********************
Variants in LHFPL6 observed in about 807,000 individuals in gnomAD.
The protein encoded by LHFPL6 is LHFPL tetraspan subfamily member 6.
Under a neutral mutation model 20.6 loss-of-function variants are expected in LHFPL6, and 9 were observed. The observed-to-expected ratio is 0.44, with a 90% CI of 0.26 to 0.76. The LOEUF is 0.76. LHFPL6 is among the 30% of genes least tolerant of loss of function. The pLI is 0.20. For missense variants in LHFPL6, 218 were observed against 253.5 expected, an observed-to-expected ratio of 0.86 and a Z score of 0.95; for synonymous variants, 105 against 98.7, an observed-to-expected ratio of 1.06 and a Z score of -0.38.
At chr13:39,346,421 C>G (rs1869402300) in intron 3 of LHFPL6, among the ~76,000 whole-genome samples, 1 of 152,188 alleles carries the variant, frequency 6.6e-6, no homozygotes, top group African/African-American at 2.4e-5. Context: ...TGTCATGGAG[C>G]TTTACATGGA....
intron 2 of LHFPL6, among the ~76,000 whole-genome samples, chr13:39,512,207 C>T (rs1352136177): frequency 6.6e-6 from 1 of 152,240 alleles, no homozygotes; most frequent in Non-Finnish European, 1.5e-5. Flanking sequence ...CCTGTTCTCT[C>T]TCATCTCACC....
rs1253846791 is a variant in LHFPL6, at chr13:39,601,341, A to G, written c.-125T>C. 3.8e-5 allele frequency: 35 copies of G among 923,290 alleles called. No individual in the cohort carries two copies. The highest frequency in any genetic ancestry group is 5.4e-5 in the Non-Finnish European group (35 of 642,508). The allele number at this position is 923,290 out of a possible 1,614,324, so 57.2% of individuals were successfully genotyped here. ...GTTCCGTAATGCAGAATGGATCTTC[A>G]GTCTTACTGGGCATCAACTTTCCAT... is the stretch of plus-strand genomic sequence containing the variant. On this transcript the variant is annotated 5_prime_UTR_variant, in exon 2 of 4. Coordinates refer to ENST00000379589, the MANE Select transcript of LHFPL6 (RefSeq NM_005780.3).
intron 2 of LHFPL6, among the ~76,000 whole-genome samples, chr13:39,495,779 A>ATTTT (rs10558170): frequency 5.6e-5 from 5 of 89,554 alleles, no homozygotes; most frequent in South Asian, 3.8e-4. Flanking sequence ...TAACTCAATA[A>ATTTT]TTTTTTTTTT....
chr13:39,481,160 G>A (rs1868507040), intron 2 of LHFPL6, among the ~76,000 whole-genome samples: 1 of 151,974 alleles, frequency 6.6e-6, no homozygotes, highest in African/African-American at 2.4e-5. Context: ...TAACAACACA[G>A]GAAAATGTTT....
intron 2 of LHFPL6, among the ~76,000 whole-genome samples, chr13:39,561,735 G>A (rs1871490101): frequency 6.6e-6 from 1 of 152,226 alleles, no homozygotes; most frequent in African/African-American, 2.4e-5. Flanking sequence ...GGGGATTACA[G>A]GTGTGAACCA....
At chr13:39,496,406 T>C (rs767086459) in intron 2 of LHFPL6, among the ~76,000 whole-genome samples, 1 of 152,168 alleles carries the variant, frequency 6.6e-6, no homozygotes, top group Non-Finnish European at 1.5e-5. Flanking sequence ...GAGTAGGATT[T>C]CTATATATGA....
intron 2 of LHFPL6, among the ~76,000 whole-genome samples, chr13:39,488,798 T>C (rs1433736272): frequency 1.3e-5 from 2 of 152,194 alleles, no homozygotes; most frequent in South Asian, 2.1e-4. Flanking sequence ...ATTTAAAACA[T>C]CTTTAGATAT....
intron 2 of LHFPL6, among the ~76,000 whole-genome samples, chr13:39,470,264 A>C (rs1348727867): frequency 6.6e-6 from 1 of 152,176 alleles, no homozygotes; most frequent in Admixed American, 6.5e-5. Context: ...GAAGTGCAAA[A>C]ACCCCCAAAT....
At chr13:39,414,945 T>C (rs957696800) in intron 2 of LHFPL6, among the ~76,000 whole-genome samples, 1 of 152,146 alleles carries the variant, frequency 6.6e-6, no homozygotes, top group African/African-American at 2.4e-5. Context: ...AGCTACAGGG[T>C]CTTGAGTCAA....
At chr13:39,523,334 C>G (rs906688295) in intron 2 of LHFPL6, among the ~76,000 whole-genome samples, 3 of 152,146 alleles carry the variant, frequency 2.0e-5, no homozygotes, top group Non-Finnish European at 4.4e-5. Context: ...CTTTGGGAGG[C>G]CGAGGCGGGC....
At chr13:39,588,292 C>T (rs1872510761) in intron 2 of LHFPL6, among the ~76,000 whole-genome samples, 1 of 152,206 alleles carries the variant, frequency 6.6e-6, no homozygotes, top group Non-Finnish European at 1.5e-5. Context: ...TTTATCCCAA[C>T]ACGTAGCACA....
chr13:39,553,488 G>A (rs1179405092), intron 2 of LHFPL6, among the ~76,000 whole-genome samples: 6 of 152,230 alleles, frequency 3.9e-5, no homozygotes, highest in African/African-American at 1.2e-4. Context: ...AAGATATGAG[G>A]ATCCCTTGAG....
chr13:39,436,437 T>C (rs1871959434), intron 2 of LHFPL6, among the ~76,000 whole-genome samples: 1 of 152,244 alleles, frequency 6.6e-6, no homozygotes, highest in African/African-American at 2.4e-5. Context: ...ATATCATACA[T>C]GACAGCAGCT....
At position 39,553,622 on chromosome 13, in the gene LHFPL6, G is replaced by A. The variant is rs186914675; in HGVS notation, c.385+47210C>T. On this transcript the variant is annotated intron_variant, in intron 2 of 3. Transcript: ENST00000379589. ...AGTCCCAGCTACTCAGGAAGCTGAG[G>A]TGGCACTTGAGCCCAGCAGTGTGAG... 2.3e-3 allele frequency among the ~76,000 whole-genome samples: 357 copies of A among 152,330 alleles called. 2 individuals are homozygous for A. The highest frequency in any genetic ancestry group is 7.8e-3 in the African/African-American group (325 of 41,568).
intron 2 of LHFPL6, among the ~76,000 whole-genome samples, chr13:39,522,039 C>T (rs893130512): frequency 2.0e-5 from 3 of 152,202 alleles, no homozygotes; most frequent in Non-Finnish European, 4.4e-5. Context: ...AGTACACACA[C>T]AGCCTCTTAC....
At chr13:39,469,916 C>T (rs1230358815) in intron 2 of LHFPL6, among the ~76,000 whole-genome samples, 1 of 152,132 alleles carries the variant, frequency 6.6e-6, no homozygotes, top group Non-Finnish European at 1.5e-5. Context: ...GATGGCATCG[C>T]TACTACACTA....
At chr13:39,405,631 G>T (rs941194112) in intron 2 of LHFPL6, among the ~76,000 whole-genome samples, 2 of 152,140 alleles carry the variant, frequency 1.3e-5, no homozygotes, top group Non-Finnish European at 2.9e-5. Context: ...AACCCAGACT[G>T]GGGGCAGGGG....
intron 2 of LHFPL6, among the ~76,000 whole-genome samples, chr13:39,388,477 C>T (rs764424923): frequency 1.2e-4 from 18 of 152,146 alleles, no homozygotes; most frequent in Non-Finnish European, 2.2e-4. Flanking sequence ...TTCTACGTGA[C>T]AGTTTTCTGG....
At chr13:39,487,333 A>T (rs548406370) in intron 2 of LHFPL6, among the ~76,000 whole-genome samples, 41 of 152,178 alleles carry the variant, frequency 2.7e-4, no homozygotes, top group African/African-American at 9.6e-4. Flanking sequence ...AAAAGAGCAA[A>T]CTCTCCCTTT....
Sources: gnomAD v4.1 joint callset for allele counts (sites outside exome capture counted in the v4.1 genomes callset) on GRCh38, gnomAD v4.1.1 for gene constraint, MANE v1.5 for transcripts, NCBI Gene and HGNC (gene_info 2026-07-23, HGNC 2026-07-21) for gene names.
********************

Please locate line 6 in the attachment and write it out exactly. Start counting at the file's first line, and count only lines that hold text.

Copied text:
rs1253846791 is a variant in LHFPL6, at chr13:39,601,341, A to G, written c.-125T>C. 3.8e-5 allele frequency: 35 copies of G among 923,290 alleles called. No individual in the cohort carries two copies. The highest frequency in any genetic ancestry group is 5.4e-5 in the Non-Finnish European group (35 of 642,508). The allele number at this position is 923,290 out of a possible 1,614,324, so 57.2% of individuals were successfully genotyped here. ...GTTCCGTAATGCAGAATGGATCTTC[A>G]GTCTTACTGGGCATCAACTTTCCAT... is the stretch of plus-strand genomic sequence containing the variant. On this transcript the variant is annotated 5_prime_UTR_variant, in exon 2 of 4. Coordinates refer to ENST00000379589, the MANE Select transcript of LHFPL6 (RefSeq NM_005780.3).